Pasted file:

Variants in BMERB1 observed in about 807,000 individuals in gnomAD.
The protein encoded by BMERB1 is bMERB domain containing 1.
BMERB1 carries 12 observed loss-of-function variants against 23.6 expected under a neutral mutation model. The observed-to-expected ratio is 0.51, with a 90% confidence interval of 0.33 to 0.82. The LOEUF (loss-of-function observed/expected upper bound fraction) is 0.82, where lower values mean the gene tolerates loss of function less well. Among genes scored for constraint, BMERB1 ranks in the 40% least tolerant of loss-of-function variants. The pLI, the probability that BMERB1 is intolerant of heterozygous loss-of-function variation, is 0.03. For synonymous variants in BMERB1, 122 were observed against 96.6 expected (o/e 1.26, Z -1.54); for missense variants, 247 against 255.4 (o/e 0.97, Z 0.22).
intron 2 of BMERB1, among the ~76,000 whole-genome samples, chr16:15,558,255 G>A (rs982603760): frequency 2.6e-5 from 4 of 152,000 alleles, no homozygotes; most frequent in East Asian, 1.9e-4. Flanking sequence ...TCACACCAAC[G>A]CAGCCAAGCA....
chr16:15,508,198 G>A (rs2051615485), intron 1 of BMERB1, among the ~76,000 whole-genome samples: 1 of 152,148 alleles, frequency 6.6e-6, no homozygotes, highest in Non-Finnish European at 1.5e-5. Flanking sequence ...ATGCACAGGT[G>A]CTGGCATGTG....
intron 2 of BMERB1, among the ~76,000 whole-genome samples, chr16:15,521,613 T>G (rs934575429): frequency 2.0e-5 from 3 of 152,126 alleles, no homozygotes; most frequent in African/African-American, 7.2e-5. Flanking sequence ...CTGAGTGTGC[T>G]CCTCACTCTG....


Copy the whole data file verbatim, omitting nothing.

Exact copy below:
Variants in BMERB1 observed in about 807,000 individuals in gnomAD.
The protein encoded by BMERB1 is bMERB domain containing 1.
BMERB1 carries 12 observed loss-of-function variants against 23.6 expected under a neutral mutation model. The observed-to-expected ratio is 0.51, with a 90% confidence interval of 0.33 to 0.82. The LOEUF (loss-of-function observed/expected upper bound fraction) is 0.82, where lower values mean the gene tolerates loss of function less well. Among genes scored for constraint, BMERB1 ranks in the 40% least tolerant of loss-of-function variants. The pLI, the probability that BMERB1 is intolerant of heterozygous loss-of-function variation, is 0.03. For synonymous variants in BMERB1, 122 were observed against 96.6 expected (o/e 1.26, Z -1.54); for missense variants, 247 against 255.4 (o/e 0.97, Z 0.22).
intron 2 of BMERB1, among the ~76,000 whole-genome samples, chr16:15,558,255 G>A (rs982603760): frequency 2.6e-5 from 4 of 152,000 alleles, no homozygotes; most frequent in East Asian, 1.9e-4. Flanking sequence ...TCACACCAAC[G>A]CAGCCAAGCA....
chr16:15,508,198 G>A (rs2051615485), intron 1 of BMERB1, among the ~76,000 whole-genome samples: 1 of 152,148 alleles, frequency 6.6e-6, no homozygotes, highest in Non-Finnish European at 1.5e-5. Flanking sequence ...ATGCACAGGT[G>A]CTGGCATGTG....
intron 2 of BMERB1, among the ~76,000 whole-genome samples, chr16:15,521,613 T>G (rs934575429): frequency 2.0e-5 from 3 of 152,126 alleles, no homozygotes; most frequent in African/African-American, 7.2e-5. Flanking sequence ...CTGAGTGTGC[T>G]CCTCACTCTG....